Container Shipping To Take More Than A Year To Return To Normalcy

According to the analysts at Sea-Intelligence, roughly 12.5% of the global container shipping capacity has been caught up in delays, while normalcy is expected by the end of 2022.

Representational Image | Via: Nikkei Asia

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Sea-Intelligence reported that in August this year 3.1 million TEU, or 12.5% of shipping capacity was out of service due to delays, using data from its Global Liner Performance (GLP) and Trade Capacity Outlook (TCO) databases, comparing to a previous high of 11.3% in February, which fell down to 8.8% in April.

Alan Murphy, CEO, Sea-Intelligence mentioned this was no different than removing a fleet slightly larger than either CMA CGM or Cosco, the 3rd and 4th largest container lines respectively.

Keeping the near future in consideration, the current boost in new building orders will make little difference for two to three years until deliveries start to filter into the fleet on a large scale.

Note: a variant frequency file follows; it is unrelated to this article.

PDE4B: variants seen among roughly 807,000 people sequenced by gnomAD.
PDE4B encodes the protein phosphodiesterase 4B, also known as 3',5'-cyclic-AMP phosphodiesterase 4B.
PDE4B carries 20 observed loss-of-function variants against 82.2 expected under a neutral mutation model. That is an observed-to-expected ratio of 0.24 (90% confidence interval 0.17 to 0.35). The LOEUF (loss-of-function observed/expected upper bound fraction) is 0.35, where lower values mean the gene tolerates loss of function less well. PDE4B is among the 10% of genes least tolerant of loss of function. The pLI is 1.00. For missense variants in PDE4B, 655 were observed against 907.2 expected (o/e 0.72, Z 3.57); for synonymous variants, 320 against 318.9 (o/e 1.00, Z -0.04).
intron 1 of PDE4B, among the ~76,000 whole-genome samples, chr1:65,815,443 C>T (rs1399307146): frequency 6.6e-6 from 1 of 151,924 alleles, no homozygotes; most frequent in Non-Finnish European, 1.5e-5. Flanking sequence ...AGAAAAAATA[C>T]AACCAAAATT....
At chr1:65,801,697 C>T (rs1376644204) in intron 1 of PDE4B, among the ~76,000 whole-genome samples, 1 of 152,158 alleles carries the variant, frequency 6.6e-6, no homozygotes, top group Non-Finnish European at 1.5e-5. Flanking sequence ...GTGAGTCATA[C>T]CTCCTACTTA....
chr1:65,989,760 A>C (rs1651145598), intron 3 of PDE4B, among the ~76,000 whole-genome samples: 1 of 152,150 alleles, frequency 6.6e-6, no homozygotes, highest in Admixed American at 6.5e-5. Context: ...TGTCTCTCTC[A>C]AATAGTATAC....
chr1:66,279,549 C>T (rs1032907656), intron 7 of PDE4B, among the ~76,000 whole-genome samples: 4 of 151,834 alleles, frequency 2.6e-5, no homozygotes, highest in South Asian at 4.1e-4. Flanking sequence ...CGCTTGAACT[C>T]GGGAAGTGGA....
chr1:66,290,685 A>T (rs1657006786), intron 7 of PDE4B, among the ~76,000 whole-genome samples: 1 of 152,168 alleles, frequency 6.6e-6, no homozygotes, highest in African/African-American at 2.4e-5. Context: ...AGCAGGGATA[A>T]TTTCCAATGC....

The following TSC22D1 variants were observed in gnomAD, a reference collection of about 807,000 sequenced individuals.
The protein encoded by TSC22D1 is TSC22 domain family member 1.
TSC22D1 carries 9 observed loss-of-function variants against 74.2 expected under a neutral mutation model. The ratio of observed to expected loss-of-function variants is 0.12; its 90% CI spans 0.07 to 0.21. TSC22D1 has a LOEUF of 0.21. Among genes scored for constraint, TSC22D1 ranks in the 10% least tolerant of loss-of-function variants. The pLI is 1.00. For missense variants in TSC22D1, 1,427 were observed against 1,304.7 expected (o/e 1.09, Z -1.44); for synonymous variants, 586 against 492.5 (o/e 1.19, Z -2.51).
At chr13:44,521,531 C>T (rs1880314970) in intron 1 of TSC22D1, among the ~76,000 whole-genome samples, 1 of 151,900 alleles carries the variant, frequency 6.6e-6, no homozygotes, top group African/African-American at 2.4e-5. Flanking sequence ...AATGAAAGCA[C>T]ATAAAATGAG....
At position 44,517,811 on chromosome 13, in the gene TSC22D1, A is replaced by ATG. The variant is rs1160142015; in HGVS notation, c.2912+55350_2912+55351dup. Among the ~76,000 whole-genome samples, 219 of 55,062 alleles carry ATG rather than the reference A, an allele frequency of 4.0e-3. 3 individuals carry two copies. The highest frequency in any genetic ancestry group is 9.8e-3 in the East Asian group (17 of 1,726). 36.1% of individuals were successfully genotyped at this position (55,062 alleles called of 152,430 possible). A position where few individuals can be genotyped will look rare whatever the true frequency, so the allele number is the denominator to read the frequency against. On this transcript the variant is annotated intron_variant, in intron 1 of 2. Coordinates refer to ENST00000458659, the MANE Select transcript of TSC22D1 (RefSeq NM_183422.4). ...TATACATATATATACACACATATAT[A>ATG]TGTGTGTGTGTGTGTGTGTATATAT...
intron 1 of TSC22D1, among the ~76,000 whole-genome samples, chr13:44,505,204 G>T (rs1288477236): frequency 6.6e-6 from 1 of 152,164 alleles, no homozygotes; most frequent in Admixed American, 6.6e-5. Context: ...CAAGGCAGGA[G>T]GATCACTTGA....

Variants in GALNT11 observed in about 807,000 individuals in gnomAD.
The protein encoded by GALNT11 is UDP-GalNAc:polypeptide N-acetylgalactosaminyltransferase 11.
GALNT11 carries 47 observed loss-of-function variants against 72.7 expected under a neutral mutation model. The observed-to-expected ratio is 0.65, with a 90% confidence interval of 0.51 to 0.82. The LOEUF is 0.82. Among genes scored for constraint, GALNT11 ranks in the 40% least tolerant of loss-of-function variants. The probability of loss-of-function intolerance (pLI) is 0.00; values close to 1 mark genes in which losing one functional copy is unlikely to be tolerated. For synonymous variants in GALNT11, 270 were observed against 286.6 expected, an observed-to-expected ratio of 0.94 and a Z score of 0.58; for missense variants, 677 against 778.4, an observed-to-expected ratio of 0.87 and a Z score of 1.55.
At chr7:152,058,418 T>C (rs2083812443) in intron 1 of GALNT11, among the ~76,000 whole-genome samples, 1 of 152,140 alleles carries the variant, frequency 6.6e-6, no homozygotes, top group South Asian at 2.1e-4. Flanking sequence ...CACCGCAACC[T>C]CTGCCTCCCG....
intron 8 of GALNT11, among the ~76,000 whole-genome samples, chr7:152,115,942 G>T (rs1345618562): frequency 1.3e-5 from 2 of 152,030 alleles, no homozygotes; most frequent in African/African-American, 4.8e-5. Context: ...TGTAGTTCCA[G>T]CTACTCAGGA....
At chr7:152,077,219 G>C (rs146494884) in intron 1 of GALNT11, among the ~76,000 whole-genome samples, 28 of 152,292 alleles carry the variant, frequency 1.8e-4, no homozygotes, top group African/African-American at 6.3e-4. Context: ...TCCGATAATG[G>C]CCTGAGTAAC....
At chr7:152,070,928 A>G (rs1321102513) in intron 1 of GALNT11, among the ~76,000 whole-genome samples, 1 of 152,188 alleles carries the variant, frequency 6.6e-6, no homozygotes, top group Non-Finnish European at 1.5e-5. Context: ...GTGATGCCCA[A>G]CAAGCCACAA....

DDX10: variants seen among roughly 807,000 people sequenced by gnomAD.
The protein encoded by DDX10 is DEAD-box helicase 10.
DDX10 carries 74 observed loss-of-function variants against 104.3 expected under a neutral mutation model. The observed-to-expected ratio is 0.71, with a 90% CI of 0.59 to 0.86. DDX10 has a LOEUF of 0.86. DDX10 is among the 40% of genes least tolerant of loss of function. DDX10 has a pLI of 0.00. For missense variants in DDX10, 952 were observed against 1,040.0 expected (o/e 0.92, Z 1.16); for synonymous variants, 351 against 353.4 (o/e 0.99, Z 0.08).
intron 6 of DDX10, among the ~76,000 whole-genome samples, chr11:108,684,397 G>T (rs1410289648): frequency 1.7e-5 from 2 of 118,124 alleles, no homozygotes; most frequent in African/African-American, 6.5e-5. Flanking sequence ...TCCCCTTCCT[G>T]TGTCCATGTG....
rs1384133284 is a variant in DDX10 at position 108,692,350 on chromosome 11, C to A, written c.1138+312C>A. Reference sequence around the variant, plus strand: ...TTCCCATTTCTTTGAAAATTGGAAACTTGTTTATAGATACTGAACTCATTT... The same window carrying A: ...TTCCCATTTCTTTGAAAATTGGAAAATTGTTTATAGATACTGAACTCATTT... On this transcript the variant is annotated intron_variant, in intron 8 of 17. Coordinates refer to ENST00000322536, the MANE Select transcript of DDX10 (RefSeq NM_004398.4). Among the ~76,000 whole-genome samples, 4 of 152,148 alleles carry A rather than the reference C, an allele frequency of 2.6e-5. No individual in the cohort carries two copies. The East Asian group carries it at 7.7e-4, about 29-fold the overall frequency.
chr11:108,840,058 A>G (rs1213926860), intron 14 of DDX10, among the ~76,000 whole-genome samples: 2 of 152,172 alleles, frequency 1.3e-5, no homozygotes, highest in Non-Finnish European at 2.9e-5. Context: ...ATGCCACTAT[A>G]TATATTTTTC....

Delays off the U.S. West Coast made 63 containerships waiting to enter the ports of Los Angeles and Long Beach as of Tuesday, which was nearly double the number the two ports can handle at any one time. Taking the past congestion in Southern California into consideration, Sea-Intelligence estimated it could take till April 2022 to resume normal operations.

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But again, congestion and delays are no longer limited to the U.S. West Coast and are slowly becoming a global problem. The normalization of the worldwide container shipping supply chain will take much longer.

Murphy remarked, “Therefore, with the current operational challenges, it appears that a realistic timeframe for the reversal to full normality stretches at least to the end of 2022.”

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